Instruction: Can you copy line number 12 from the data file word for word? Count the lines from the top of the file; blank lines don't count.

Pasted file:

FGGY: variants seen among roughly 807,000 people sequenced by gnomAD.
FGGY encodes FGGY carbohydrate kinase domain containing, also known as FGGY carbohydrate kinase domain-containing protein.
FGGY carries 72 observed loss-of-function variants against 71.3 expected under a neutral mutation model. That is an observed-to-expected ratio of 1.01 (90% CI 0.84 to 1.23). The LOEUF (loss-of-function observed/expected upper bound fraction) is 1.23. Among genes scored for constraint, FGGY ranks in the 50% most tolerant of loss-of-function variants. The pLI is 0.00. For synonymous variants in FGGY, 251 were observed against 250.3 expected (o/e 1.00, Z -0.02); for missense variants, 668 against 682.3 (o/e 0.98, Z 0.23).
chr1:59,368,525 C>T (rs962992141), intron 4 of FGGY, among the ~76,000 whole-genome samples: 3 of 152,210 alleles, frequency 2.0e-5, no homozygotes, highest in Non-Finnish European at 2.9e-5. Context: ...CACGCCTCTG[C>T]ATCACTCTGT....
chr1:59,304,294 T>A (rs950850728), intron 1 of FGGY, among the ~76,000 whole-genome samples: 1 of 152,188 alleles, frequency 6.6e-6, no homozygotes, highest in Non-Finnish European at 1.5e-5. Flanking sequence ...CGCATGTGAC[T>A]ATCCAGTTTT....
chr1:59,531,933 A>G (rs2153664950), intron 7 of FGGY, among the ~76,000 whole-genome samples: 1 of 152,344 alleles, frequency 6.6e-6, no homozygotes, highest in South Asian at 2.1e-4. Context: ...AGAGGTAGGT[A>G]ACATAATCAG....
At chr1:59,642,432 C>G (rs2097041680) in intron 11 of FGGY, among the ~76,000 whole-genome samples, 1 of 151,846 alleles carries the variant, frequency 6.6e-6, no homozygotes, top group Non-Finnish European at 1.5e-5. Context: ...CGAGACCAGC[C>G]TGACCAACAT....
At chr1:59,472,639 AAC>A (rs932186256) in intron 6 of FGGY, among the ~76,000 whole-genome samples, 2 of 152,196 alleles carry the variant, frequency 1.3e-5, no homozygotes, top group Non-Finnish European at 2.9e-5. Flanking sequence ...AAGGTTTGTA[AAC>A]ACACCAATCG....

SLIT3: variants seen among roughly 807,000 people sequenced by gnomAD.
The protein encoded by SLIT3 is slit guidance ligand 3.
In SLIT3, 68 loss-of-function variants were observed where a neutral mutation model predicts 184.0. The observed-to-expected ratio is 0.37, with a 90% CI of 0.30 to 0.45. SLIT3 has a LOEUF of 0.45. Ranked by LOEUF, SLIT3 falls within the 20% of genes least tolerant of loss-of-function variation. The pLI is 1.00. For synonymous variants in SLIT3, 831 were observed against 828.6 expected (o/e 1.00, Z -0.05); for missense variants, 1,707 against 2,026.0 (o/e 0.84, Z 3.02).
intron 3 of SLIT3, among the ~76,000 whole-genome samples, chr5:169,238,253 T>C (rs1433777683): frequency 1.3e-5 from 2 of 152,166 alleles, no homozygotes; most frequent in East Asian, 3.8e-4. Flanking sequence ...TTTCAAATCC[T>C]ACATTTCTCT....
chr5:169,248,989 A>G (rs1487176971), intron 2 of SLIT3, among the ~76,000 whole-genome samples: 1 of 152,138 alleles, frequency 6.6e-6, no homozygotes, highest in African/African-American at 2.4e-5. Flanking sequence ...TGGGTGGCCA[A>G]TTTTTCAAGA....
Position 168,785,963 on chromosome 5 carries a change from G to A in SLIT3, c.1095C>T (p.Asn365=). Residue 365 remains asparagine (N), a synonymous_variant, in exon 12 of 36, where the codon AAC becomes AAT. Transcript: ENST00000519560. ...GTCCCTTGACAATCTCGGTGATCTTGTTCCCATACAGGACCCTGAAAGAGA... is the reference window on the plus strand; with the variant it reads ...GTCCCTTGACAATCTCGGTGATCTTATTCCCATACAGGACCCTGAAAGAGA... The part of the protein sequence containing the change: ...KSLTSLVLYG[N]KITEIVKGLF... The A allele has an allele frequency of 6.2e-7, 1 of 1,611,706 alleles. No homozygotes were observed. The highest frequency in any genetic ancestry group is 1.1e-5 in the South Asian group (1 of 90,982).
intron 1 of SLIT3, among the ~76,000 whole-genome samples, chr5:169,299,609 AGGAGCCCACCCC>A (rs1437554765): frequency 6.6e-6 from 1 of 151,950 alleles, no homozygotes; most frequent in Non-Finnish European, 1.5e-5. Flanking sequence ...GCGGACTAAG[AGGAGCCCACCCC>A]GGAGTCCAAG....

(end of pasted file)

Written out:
intron 3 of SLIT3, among the ~76,000 whole-genome samples, chr5:169,238,253 T>C (rs1433777683): frequency 1.3e-5 from 2 of 152,166 alleles, no homozygotes; most frequent in East Asian, 3.8e-4. Flanking sequence ...TTTCAAATCC[T>C]ACATTTCTCT....